The filibuster has transformed The Senate into an undemocratic, unrepresentative body of The People.
Imagine if our Presidential elections had the following rule, unless a President was elected by at least 60% of voters, no new president would be elected.
Would we consider that reflective of a true democracy?
So how can it be considered that bills that have over 50% of The Senate’s vote fail and that as little as 41% of the vote wins in killing a bill?
Think of how much profound change and progress could be taking place if we only needed 51 votes in The Senate to pass legislation.
That’s why I think the time has come to go nuclear.
When Republicans controlled Congress earlier in the Bush Admin, Senate Democrats used the filibuster to block some of the most extremist candidates the Bush Admin was trying to push through into becoming federal judges. Bush and The Republicans were furious about the principled use of the filibuster so they gave the Dems an ultimatum.
Either they stop using the filibuster as much as they were or they would employ what they called, “The Nuclear Option”, procedural changes that would not allow filibusters to be made on judicial nominees.
This caused enormous alarm among the historically invertebrate Democratic leadership and they agreed to let objectionable extremists become judges for life as long as the Republicans let them filibuster once in a while in the worst cases.
Fast forward to today, when far more important changes to this nation are in the hands of a huge 60 member majority for the Dems and how do they deal with the much more egregious overuse of the filibuster by The Republicans?
They shrug their sholders, give into those Senators who are tools of the very corporations affected by the bill, pay bribes to the Senators who engage in extortion and try to put lipstick on the legislative pigs they shepherd out of their chambers, squeezing from their forced smiles, “It’s a great start!”
The time has come to return democracy to The Senate. The filibuster is flatly undemocratic. Now, the weak kneed ones like Harry Reid in The Senate would run around waving their arms and shrieking at the scary idea that democracy might continue even under Republican majorities in Congress and fight to keep The Senate in eternal gridlock (which after 2010 I’m afraid it will be, The Dems aren’t likely to have a larger majority in the future).
But those Senators who have a fear of democracy are in the wrong business. Imagine the sweeping changes and progress that could be made to this nation if we only needed a simple majority in the Senate? Isn’t that worth accepting that Republicans would have the same right under a democracy when they get control. Isn’t that what elections are for?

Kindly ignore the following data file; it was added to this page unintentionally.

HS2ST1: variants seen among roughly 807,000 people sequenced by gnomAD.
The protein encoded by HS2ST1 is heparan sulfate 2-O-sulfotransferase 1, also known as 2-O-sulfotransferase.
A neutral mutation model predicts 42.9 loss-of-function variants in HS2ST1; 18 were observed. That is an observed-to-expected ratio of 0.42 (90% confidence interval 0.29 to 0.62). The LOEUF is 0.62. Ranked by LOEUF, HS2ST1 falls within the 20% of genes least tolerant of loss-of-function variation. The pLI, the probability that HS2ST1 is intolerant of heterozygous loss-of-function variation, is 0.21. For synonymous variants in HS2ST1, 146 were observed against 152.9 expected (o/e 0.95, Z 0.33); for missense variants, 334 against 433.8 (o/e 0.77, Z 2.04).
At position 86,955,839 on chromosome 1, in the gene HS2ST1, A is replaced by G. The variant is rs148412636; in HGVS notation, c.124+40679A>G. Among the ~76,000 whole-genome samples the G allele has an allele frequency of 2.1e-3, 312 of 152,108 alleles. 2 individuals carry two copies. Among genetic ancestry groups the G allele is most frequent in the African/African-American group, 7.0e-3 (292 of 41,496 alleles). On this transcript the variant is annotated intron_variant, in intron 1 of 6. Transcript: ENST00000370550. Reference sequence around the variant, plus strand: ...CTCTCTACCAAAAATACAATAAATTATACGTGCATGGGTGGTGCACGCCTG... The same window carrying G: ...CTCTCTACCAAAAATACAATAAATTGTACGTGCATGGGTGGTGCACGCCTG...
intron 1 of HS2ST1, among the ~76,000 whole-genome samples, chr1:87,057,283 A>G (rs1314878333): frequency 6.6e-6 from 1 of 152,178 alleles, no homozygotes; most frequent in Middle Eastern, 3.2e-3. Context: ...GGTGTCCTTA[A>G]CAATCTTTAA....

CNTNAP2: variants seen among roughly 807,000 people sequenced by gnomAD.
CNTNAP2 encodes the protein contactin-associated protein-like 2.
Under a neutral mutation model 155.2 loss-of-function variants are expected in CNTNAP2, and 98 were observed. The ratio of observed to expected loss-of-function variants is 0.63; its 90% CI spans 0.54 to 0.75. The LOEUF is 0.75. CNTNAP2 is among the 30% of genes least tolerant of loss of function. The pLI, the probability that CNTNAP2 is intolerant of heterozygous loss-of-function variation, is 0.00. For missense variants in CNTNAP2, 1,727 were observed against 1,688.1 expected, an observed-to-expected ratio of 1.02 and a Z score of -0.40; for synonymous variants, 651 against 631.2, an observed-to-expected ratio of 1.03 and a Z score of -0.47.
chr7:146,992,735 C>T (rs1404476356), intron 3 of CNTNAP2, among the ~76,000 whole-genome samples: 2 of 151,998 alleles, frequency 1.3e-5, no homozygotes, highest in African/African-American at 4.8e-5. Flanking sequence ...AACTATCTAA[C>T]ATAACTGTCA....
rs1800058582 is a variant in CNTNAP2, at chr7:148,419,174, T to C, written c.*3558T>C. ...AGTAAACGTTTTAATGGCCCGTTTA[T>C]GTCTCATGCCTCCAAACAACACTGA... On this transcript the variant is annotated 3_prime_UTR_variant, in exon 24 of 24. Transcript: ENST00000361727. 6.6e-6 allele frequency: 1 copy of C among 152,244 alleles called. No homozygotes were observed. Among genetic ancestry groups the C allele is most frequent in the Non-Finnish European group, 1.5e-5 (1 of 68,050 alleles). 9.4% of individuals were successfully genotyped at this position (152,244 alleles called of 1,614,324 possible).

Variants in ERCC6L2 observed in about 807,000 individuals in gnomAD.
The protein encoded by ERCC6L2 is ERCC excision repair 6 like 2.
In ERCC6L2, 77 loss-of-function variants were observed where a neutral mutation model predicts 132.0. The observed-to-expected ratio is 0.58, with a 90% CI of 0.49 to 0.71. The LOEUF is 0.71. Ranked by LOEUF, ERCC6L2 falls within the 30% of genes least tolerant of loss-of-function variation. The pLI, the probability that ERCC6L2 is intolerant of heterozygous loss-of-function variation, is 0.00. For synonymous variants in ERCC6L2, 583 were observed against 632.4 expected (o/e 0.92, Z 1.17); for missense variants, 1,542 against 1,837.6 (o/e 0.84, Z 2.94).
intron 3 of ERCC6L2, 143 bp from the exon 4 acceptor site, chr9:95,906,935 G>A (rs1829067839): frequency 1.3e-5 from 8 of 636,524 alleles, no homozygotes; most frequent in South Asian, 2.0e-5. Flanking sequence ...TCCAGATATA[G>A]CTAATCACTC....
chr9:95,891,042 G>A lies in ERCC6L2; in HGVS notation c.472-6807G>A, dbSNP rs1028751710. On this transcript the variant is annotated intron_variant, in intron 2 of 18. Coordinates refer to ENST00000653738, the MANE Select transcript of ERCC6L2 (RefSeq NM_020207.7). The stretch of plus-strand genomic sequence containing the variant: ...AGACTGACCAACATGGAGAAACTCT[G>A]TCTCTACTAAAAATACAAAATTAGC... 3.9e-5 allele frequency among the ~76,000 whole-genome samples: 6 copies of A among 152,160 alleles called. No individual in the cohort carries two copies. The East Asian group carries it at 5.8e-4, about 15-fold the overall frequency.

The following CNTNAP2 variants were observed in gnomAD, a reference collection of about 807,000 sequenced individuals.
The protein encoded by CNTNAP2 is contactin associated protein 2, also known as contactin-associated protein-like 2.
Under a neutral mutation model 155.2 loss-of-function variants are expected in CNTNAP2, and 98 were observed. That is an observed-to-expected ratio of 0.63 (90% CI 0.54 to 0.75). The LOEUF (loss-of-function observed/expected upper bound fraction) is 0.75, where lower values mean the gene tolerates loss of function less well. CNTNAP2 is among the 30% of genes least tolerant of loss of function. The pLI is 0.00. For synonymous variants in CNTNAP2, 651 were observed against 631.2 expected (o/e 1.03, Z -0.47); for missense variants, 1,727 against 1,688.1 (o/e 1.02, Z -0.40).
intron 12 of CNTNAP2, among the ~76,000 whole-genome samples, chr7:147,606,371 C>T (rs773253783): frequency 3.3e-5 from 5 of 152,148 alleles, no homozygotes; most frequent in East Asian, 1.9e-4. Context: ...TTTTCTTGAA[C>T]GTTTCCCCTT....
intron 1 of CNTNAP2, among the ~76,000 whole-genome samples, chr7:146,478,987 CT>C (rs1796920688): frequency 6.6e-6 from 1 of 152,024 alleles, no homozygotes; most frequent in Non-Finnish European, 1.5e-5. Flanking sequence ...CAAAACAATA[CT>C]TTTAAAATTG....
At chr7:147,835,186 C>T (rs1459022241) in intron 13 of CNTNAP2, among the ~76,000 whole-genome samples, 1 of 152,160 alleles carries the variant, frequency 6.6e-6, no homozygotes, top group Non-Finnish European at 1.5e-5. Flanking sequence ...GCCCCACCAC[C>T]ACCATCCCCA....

The key point here is that if they put aside their fears of democracy and accomplished so much under true democracy, the Repubs would be out of power in the Senate for at least a generation and if they returned after that, society will have evolved so far from where they are today, they’d never maintain power if they didn’t reflect the new America.
I would argue that it would be a better reign on unpopular legislating and give the Dems the tools to reverse bad legislation quickly.
A little background, David Dayen wrote this on FDL:
In the 110th Congress, 70% of major bills were filibustered, as opposed to 8% in the 1960s. Political leaders just didn’t see the filibuster as an impediment a few decades ago.
He also referred to this explanation of how the Nuclear Option works:
The nuclear option is used in response to a filibuster or other dilatory tactic. A senator makes a point of order calling for an immediate vote on the measure before the body, outlining what circumstances allow for this. The presiding officer of the Senate, usually the vice president of the United States or the president pro tempore, makes a parliamentary ruling upholding the senator’s point of order. The Constitution is cited at this point, since otherwise the presiding officer is bound by precedent.
A supporter of the filibuster may challenge the ruling by asking, “Is the decision of the Chair to stand as the judgment of the Senate?” This is referred to as “appealing from the Chair.” An opponent of the filibuster will then move to table the appeal. As tabling is non-debatable, a vote is held immediately. A simple majority decides the issue. If the appeal is successfully tabled, then the presiding officer’s ruling that the filibuster is unconstitutional is thereby upheld. Thus a simple majority is able to cut off debate, and the Senate moves to a vote on the substantive issue under consideration.
The effect of the nuclear option is not limited to the single question under consideration, as it would be in a cloture vote. Rather, the nuclear option effects a change in the operational rules of the Senate, so that the filibuster or dilatory tactic would thereafter be barred by the new precedent.
This is the kind of change we need now. We have a window here where Dems should maintain majorities for years and an enormous amount could be accomplished. Meanwhile, Pres. Obama could fulfill his promise and ambition to be a modern day FDR and make the kind of big course corrections needed to tear this nation away from its growing plutocracy and back to a true democracy that serves its majority of citizens.
I know it’s scary but i believe that the prospect of becoming a truly progressive 21st Century democracy outweighs the horror of democracy being practiced in the Senate.